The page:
Szymanski said the only mistake Udvadia made was giving Branigan too much room going into the cardiac hill.
“You made up 25 meters and he beat you by a second,” Szymanski told him. “If you’re 10 yards closer, you win that race.”
Riverhead senior Anthony Galvan ran a personal best time of 17:13.7 to finish in sixth place in Division II. He’ll get a chance to compete next week at the state qualifier.
Coming into the race Galvan hoped to break 17 minutes. But he was still happy to shave two seconds off his previous best.
“My last PR before this was 17:29 and then I dropped it to 17:15 a week ago,” he said. “I knew if I wanted to get into guaranteed states I’d have to do it again by 15 [seconds]. But at least I PR’d and I’m into all-league, all-county.”
Riverhead coach Patrick Burke said Galvan has been improving his time every race since his sophomore season.
“I’m really proud of him,” Burke said. “As a coach he’s everything you ever wanted. I just feel for him that he didn’t meet his goal in his mind. If you PR every single race, you can’t do more than that.”
Galvan has been a two-time captain for the Blue Waves, who went 3-2 in League IV dual meets putting them in a three-way tie for second place.
In a competitive championship race that features the top runners in the county, it can create a crowded race. Galvan said he prefers it that way.
“You always have someone to stick next to you,” he said. “Someone’s always trying to pass you. You just latch on to someone and you’ll be fine.”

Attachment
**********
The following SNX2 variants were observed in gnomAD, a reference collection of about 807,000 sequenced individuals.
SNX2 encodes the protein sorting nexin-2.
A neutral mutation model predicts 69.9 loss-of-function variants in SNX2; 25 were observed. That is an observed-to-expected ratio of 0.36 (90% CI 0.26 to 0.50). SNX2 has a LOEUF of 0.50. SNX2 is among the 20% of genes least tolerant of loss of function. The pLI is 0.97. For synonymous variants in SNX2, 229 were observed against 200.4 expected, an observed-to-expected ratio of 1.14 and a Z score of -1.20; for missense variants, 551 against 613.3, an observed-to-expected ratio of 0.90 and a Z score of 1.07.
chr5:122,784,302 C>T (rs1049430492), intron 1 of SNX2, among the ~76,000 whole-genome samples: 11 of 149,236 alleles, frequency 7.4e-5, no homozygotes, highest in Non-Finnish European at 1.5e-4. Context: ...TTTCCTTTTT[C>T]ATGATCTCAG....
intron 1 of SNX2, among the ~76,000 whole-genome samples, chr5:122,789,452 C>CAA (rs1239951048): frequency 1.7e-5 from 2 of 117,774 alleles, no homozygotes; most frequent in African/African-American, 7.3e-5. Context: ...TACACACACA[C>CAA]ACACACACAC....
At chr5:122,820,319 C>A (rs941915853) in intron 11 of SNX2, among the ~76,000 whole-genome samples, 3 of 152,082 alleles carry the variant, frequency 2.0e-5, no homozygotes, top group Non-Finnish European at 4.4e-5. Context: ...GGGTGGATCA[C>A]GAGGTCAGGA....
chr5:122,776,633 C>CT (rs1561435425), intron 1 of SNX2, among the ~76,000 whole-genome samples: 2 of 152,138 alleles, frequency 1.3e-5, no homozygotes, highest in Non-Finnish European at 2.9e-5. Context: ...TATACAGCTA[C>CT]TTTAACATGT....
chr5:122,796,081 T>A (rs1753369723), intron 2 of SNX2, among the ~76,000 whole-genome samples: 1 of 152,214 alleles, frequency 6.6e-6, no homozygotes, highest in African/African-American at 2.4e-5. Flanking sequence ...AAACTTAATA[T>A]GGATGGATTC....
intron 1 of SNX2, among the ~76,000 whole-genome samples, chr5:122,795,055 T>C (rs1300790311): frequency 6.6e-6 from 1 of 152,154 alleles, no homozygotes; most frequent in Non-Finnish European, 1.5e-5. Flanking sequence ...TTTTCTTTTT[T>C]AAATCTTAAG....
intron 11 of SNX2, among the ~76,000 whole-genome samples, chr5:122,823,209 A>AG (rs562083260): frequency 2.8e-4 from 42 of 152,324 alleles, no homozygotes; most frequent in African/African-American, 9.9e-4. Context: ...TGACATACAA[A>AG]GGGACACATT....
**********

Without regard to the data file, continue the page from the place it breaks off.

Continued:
Galvan started the race near several Walt Whitman runners, who he met during the summer at a camp.
“I tried to stick with them, but I know they’re a lot better than me,” he said. “So I’m like, if I lose them, I lose them. But at least I have them in sight.”
Riverhead junior Joseph Gattuso ran the next fastest time for the Blue Waves in 19:02.9. He was 21st overall in Division II.
The Shoreham-Wading River girls competed in the team championship race and freshman Kaitlyn Ohrtman posted the top time in 20:32.5 for 10th in Division III.
Four of Shoreham’s top five runners were in 10th grade or younger. Eighth-grader Ali Hays ran 21:32.3 and sophomore Maddy Kelly ran 21:59.0, which was the first time she cracked 22 minutes, Shoreham coach Paul Koretzki said.
The Wildcats had a strong league season, going 4-1 and losing only to Miller Place, the Division III champion.
Looking ahead to the state qualifier, Ohrtman will have the best chance to qualify for the state meet. The top five in each class go the states in addition to the winning team.
“She’s probably sitting fifth, sixth now in the B’s,” Koretzki said.
The Riverhead girls ran in the team qualifier race. Junior Rachel Conti posted the top time in 22:36. She was 28th overall in a race of 179 runners.
“She’s a top athlete in track and this is her first year [running cross country],” Burke said. “I told her it’s a mental game. They don’t understand that cross country is a completely different animal.”
The Blue Waves have a young team, which could be primed for big things next year, Burke said.
“We’re going to be focused next year on putting the girls team on the map,” he said. “I’ve said that before, but I really feel we finally have a commitment.”